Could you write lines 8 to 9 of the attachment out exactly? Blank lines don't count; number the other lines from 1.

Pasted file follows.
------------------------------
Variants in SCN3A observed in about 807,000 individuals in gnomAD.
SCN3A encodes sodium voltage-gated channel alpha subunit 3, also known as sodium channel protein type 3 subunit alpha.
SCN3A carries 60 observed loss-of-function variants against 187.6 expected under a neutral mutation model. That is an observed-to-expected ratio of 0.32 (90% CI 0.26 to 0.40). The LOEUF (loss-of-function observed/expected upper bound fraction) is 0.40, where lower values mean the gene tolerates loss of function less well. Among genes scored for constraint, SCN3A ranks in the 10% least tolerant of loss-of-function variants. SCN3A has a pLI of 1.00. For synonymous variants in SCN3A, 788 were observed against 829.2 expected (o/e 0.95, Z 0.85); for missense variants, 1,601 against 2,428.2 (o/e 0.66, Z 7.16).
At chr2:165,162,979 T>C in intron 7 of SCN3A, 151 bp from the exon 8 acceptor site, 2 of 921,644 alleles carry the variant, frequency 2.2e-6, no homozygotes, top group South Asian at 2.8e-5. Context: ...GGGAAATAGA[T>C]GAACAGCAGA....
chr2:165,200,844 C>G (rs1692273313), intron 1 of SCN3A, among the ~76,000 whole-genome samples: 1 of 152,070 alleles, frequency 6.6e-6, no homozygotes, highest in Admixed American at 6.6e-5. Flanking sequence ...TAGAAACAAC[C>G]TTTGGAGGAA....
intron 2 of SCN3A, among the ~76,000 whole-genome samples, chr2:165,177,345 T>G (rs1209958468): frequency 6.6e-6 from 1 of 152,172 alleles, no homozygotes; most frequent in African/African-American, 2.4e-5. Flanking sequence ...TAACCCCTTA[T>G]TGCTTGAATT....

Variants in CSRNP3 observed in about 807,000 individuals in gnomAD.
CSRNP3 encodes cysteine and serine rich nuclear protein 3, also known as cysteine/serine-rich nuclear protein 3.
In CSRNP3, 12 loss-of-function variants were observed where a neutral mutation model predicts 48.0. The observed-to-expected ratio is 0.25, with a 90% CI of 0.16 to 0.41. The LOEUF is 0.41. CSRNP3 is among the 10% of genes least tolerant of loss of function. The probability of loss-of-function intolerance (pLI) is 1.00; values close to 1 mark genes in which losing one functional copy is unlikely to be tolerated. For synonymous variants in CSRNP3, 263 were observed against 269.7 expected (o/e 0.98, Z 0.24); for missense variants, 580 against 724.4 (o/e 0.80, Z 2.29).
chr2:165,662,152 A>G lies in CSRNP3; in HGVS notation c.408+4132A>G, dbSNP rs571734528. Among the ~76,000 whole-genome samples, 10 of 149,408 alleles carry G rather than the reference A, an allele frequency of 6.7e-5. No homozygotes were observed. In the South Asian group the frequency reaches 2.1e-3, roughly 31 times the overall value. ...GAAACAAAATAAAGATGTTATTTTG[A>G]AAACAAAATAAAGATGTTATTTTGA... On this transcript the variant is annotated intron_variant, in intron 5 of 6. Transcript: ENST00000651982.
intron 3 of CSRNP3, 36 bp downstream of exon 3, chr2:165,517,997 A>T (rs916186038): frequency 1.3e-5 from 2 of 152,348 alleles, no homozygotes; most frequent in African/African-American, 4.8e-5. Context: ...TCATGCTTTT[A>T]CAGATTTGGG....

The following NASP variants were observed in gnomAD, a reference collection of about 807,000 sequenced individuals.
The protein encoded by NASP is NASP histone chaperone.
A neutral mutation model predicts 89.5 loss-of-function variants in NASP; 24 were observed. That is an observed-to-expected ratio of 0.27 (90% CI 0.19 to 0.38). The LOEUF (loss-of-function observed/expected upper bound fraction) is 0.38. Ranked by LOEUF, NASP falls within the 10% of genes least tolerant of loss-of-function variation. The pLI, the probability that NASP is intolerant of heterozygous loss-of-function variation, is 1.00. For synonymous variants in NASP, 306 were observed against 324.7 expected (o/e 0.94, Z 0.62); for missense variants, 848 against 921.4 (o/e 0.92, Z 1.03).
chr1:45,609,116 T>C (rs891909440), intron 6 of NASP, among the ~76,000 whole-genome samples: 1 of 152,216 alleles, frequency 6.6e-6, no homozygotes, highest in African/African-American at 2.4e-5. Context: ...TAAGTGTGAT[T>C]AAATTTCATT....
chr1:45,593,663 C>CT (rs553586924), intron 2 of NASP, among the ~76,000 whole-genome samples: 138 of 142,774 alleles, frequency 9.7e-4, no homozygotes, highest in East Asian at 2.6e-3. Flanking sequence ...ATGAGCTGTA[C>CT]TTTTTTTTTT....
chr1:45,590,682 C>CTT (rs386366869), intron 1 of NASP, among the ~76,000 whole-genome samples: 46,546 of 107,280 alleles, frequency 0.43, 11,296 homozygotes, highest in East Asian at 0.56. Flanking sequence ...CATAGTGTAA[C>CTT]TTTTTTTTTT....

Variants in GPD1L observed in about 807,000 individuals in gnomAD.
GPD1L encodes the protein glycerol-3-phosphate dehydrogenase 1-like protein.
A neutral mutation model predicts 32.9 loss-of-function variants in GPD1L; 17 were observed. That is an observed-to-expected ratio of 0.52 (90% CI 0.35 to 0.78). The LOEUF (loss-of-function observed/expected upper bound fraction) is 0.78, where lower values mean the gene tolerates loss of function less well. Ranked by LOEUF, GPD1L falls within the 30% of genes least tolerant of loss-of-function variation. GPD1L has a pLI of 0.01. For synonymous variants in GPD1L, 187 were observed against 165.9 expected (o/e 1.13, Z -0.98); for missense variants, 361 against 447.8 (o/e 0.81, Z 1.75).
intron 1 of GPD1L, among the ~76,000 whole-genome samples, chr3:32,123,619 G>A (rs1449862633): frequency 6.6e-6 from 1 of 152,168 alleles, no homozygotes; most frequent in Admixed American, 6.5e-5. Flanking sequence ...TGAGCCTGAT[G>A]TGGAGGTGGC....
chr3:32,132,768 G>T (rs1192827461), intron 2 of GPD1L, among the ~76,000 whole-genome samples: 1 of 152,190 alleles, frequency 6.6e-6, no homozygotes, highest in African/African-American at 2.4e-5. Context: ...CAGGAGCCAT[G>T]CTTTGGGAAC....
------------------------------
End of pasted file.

CSRNP3 encodes cysteine and serine rich nuclear protein 3, also known as cysteine/serine-rich nuclear protein 3.
In CSRNP3, 12 loss-of-function variants were observed where a neutral mutation model predicts 48.0. The observed-to-expected ratio is 0.25, with a 90% CI of 0.16 to 0.41. The LOEUF is 0.41. CSRNP3 is among the 10% of genes least tolerant of loss of function. The probability of loss-of-function intolerance (pLI) is 1.00; values close to 1 mark genes in which losing one functional copy is unlikely to be tolerated. For synonymous variants in CSRNP3, 263 were observed against 269.7 expected (o/e 0.98, Z 0.24); for missense variants, 580 against 724.4 (o/e 0.80, Z 2.29).